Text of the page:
Thinking Day: An Interactive Story

An interactive story to teach your girls some of the history of Girl Scouts and Girl Guides, as well as Thinking Day.

World thinking day ideas for girl scouts and girl guides

Divide your group into 5 teams, named as follows:

  1. Robert Baden-Powell
  2. Agnes Baden-Powell
  3. Olave Baden-Powell
  4. Boy Scouts
  5. Girl Scouts/Girl Guides

A chair is placed in the front of the room. All the teams stand approximately 10 feet (or whatever distance the room will allow) away from the chair but facing it. The leader reads the story. Whenever any of the above team names is mentioned, the team members race around the chair and return to their place. When Thinking Day is mentioned, all the teams race around the chair.

The Story of World Thinking Day

Robert Baden-Powell was a well-known soldier. When he came back from the wars in the early 1900s, he thought it would be a good idea to teach boys to be Boy Scouts. So, in 1907, he ran an experimental camp at Brownsea Island for all sorts of boys. He wrote out lots of ideas of scouting for different youth clubs to use. The ideas were such fun that lots of boys who weren’t in clubs wanted to be Boy Scouts and started practicing and making their own patrols. There was a big rally at the Crystal Palace in England in 1909. More than 11,000 Boy Scouts turned up. Robert Baden-Powell was surprised and pleased. After the Boy Scouts, came a group of girls in khaki skirts and shirts with whistles and Boy Scout hats and belts. He asked, “Who are you?” They answered, “We are the Girl Scouts.” Robert Baden-Powell said, “There aren’t any Girl Scouts.” To which the girls promptly replied, “Yes there are because we are them!” So, Robert Baden-Powell talked and planned with his sister, Agnes Baden-Powell and they decided to start a movement for girls called Girl Guides. In 1910, the Girl Guides began. Agnes Baden-Powell was very keen and worked very hard with Girl Guides.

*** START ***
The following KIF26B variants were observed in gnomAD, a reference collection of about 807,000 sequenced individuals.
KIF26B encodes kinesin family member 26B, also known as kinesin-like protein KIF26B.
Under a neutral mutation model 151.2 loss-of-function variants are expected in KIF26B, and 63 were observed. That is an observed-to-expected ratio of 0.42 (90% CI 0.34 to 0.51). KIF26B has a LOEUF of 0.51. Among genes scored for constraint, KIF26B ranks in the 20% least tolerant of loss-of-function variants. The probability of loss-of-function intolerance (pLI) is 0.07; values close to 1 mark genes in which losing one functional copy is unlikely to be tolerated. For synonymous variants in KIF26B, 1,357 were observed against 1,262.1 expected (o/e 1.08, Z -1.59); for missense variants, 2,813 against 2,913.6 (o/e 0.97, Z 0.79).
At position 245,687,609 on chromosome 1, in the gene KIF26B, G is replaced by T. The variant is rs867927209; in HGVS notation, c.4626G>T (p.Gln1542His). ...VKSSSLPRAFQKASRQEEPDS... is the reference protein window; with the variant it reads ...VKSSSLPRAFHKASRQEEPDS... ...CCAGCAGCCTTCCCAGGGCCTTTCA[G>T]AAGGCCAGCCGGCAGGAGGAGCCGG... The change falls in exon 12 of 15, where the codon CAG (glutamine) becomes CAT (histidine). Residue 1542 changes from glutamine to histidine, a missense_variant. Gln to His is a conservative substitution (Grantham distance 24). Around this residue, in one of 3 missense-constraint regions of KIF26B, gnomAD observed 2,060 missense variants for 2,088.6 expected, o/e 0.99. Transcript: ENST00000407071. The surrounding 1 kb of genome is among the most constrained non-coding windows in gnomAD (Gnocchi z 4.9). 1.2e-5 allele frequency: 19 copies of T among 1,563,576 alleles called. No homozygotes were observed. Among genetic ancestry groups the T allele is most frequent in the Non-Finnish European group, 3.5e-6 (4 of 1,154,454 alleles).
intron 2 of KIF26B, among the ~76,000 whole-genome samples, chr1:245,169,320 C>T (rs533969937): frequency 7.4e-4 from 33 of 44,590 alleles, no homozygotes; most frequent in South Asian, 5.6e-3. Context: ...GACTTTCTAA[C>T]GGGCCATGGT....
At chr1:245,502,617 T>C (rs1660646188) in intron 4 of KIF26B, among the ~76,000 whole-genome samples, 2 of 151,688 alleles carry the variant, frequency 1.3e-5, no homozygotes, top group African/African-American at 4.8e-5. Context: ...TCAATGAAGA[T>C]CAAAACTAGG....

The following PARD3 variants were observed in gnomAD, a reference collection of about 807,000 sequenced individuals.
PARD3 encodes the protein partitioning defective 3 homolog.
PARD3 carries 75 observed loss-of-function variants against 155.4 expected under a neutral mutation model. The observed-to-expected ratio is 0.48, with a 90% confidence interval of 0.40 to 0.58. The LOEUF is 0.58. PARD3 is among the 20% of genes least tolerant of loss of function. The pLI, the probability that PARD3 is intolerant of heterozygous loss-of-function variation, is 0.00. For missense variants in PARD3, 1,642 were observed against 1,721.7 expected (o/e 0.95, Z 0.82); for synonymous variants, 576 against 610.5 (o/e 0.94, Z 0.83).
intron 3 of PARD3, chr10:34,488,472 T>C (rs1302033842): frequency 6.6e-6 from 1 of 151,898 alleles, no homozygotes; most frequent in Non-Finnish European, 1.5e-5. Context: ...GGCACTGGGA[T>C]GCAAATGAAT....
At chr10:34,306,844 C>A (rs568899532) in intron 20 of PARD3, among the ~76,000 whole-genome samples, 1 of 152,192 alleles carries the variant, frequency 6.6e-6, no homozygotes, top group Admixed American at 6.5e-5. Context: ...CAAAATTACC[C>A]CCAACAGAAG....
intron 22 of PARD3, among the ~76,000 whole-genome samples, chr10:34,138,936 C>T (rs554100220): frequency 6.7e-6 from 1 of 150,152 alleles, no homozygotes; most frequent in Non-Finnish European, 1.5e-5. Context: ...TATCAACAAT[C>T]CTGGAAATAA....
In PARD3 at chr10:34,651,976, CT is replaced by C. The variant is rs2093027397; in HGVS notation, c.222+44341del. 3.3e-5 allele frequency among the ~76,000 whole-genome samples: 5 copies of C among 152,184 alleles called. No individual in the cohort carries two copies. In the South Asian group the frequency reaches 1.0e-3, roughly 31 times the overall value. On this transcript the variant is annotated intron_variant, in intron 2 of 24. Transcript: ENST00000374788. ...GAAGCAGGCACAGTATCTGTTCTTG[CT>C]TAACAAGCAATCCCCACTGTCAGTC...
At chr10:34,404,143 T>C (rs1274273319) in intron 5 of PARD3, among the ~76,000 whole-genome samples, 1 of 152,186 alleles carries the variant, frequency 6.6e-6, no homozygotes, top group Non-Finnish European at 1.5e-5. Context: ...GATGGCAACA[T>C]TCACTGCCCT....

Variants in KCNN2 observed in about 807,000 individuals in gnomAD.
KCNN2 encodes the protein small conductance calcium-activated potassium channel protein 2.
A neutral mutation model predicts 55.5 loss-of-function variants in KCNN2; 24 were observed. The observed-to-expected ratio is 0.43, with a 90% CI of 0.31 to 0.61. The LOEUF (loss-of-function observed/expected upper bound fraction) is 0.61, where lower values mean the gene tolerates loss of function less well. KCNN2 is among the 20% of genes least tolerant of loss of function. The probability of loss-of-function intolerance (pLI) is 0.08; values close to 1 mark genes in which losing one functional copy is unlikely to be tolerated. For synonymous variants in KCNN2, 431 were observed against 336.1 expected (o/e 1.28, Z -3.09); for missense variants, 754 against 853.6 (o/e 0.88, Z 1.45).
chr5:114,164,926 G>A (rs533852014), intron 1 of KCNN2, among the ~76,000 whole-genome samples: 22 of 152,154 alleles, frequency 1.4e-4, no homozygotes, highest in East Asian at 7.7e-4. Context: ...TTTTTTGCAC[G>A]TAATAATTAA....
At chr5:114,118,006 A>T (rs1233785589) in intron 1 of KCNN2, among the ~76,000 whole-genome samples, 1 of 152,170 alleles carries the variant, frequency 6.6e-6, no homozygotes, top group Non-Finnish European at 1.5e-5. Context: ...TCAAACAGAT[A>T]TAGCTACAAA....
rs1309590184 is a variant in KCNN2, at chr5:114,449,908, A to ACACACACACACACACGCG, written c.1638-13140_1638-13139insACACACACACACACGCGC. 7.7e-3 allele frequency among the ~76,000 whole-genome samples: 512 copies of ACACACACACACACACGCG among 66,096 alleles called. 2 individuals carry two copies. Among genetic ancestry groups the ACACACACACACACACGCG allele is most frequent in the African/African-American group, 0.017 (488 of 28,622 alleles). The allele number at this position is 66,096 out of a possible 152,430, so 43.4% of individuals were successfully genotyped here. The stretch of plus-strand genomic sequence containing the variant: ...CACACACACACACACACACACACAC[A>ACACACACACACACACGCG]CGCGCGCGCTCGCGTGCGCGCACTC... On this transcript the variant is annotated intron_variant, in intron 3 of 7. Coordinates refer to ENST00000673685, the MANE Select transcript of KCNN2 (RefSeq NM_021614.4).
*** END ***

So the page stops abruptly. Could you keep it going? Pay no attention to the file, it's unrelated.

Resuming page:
The King of England asked Robert Baden-Powell to give up his other work and just organize the Boy Scouts. Two years later, he married and his wife was Olave Baden-Powell. Robert Baden Powell met Olave Baden-Powell on a cruise ship. She didn’t know much about Girl Guides, but helped Agnes Baden-Powell and soon became very enthusiastic. She later became the Chief Guide of the World. Robert Baden-Powell was later made a Lord because of his great work for young people.

When the Girl Guides decided to have a special day each year to remember all the Girl Guides and all the Girl Scouts in the world, they chose February 22nd, which was the birthday of both Robert Baden-Powell and Olave Baden-Powell and they called it Thinking Day.

So, now you know that Boy Scouts began in 1907. Girl Guides started in 1910. Girl Scouts started in 1912. Robert Baden-Powell and his sister Agnes Baden-Powell and his wife Olave Baden-Powell were the founders of the movement, and we all think of each other on Thinking Day


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